Quick Guides

Run Training


The majority of your running will probably be done outdoors, however, if you do have access to a treadmill it is a perfectly viable option to get in some quality training. But like with all your training having a focus and structure to your workout will be beneficial.

Why not mix it up and incorporate some strength and conditioning exercises and get a circuit workout going. For example, 5 mins running, 15 lunges each leg, 5 mins running, 30 squats and so on.


Be sure to use a 1% gradient on the treadmill when not doing efforts at other gradients, as it is more like running outdoors. Also, beware because the treadmill is such a perfectly flat surface only running on a this won’t develop much lateral control (that is any sideways motion, and your body’s ability to control and minimise it) in your running, head outdoors and run off-road to help develop lateral control on movement in your running.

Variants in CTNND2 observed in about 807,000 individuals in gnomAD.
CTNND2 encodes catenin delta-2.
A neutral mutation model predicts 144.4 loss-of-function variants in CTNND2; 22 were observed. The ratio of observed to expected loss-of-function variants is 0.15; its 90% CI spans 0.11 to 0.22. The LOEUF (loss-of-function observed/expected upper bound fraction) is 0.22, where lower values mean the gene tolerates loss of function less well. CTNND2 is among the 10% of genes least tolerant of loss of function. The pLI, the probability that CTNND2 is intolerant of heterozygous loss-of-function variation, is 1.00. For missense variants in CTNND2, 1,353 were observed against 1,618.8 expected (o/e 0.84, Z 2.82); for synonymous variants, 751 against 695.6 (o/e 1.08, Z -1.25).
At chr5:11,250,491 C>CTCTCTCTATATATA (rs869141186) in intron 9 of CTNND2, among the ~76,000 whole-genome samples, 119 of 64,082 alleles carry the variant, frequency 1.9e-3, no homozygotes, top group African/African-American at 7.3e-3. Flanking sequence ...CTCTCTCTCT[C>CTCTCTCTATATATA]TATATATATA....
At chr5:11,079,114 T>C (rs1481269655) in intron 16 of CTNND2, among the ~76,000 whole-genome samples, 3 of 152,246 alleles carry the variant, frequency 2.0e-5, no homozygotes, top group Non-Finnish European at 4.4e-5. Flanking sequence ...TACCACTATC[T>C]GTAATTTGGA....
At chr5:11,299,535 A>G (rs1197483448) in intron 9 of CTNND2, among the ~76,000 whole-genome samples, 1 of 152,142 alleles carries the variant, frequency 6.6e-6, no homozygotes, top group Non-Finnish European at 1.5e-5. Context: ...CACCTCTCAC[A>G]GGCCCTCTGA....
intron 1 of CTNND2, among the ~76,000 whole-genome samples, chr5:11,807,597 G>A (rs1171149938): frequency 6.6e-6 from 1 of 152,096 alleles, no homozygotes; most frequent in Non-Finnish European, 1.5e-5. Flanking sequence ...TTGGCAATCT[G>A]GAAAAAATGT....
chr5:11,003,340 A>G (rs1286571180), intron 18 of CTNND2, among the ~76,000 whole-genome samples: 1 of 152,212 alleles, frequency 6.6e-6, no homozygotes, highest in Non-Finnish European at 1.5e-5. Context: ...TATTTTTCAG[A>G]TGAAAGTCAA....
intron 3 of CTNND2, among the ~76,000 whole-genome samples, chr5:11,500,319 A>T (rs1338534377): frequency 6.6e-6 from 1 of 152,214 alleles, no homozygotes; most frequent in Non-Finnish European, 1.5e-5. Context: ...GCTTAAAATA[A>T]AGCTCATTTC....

Another downside to the treadmill is your ability to learn and understand pacing because you are manually adjusting the pace normally at set intervals you don’t learn to fully understand the pace you are naturally able to hold for a longer period of time.


Running is a brilliant outdoor sport, make sure you keep some variety to your outdoor running, plan some different safe running routes, think about finding a group to run with there are a lot of running clubs throughout the UK that normally offer something for all abilities or just find a friend who’s keen on running and plan to meet them once a week.

Take a look at the structuring sessions section and don’t just head out for unfocused plodding miles all the time (it’s ok once in a while) incorporate hills, intervals off and on-road running.